these clues... specifically, while there are ten "word clues", only
five are correct. One more clue, found in the DC booklet will be of help in
determining which "word clues" are the correct ones.
Clearly print those five "word clues" you believe to be the correct
ones on the EarthWorld Contest Entry Form provided as part of the leaflet and,
together with your name and complete address, mail your completed Entry Form in
time for receipt by March 15, 1983 to: Atari "EarthWorld Contest." P.O.
Box 8900, Westport, CT 06888.
Everyone's entry will be individually graded for correct answers. If you have
determined and furnished one or more of the correct "word clues," your
entry will be acknowledge with an OFFICIAL ATARI SWORDQUEST CHALLENGE CERTIFICATE
OF MERIT which will be "rated" according to a different skill designation
for 1-2 correct answers, 3-4 correct answers, or all 5 correct answers.
Entrants who supply all five correct "word clues" will compete in a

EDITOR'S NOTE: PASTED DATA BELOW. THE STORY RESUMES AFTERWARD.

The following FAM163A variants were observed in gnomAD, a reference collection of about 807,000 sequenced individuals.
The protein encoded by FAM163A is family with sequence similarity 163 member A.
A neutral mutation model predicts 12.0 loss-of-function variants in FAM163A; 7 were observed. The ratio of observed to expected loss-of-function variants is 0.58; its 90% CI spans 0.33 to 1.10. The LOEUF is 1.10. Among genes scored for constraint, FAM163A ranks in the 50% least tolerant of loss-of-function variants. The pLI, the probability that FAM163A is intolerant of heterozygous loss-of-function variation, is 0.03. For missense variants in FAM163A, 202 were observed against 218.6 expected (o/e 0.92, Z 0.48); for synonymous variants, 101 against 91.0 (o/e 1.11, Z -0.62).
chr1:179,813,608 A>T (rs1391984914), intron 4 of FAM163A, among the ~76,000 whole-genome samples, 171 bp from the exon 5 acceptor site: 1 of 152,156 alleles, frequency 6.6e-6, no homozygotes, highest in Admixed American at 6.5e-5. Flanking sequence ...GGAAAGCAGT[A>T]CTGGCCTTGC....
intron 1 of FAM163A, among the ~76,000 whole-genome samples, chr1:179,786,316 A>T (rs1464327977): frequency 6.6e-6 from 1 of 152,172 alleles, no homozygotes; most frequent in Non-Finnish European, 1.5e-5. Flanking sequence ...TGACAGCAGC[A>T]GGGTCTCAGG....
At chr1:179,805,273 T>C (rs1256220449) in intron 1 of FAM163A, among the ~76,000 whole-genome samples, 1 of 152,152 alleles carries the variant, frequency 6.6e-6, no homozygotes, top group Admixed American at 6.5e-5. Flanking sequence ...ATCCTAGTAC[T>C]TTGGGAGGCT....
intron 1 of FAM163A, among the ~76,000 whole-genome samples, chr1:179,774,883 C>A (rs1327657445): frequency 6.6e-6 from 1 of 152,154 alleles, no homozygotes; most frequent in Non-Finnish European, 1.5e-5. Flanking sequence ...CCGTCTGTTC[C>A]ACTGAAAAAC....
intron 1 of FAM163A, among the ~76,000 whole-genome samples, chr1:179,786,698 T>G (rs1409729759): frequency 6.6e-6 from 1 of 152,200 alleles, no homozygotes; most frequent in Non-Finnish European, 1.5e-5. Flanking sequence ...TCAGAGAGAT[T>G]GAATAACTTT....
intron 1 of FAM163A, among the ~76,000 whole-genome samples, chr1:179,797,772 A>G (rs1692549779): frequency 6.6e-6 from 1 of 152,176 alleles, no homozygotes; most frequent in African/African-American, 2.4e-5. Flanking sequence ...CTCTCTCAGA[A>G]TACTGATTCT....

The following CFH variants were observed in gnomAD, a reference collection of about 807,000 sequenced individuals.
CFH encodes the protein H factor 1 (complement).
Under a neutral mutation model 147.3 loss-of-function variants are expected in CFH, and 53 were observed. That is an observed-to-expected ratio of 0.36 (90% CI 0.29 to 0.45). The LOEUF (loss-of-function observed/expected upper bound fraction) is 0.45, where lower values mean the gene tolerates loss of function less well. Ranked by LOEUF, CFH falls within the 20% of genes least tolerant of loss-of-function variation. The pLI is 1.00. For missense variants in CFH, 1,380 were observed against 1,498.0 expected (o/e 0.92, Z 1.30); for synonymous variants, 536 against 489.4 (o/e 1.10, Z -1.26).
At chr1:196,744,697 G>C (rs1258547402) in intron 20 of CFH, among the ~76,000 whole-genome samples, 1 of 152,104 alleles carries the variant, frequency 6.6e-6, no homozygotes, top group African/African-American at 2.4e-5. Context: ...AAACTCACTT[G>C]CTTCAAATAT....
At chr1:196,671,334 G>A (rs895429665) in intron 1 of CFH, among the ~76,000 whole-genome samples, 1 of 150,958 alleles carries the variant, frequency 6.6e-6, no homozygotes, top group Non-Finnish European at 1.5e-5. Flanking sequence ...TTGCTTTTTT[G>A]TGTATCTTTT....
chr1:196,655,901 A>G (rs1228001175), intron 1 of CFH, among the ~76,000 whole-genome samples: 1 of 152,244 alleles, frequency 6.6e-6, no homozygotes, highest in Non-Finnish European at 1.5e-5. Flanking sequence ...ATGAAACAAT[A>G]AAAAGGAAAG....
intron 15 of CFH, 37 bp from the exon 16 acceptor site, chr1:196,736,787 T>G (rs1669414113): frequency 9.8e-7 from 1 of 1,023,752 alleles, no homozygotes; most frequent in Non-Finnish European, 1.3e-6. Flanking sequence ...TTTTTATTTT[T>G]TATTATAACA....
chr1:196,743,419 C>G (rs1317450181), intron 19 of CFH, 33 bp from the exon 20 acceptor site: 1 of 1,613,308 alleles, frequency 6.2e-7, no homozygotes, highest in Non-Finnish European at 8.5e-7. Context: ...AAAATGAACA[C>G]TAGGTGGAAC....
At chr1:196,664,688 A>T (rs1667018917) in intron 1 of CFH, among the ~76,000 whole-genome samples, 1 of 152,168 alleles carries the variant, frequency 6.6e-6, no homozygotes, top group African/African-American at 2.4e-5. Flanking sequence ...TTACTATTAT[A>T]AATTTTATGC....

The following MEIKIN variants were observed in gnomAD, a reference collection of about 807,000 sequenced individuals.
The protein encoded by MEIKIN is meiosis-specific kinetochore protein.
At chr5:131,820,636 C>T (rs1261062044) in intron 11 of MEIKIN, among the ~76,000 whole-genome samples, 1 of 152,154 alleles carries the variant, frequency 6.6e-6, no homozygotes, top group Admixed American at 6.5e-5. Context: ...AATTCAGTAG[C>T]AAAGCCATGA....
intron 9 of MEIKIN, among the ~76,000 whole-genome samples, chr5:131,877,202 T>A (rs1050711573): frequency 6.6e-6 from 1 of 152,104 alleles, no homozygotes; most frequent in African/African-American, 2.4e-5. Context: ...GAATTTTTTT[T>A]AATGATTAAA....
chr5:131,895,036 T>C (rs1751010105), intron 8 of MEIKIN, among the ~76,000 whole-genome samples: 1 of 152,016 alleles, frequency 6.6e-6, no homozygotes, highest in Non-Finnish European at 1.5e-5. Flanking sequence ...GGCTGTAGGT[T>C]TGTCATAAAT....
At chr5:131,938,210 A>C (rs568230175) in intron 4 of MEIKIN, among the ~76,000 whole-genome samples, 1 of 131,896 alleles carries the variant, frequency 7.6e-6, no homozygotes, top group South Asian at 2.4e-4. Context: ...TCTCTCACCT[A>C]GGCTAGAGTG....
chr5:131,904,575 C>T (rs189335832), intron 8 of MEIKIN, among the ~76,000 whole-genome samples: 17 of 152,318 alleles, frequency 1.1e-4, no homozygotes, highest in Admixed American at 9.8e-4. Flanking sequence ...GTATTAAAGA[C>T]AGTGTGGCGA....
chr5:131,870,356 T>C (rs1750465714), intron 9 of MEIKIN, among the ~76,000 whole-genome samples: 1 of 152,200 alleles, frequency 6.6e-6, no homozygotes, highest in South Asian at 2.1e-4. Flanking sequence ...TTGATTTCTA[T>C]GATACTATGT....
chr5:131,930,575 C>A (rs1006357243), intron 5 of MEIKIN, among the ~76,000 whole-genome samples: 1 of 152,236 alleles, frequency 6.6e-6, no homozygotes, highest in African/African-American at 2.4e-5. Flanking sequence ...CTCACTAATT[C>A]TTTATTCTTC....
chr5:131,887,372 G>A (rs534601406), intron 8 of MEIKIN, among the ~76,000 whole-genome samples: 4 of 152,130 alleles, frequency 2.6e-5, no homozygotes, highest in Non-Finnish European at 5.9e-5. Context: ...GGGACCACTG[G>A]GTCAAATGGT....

play-off to determine the winner of the Grand Prize for the EarthWorld Contest.
The play-off will be held at Atari's headquarters in Sunnyvale, California. Atari
will pay for the travel expense of the play-off contestants, consisting of roundtrip
airfare to San Francisco from the airport nearest the contestant's home-originating
city, ground transportation to Sunnyvale, two nights' lodging near Atari's headquarters,
transfers, and meals.
In the likely event that more than 50 entrants provide all five correct "word
clues", tying contestants will be required to complete a statement dealing
with what they like about the Atari EarthWorld game as a tie-breaker basis for
the judges' determination of the 50 winners of play-off trips to California. Tie-breaking
statement-completion entries will be judged on the basis of originality, sincerity,
and aptness of though. Duplicate prizes will be awarded in the event of further
ties. This tie-breaker contest shall be administered to qualifying contestants
by mail following the March 15, 1983 deadline for receipt of EarthWorld entries.
Any play-off trip winner under the age of 18 will be entitled to an additional
roundtrip plane ticket at Atari's expense, to enable his/her accompaniment by
one parent or legal guardian.
The play-off to be held at Atari's headquarters will consist of a time-measured
skill competition among the field of finalists to play and solve a new special-edition
Atari adventure game, similar in nature to the original EarthWorld game, which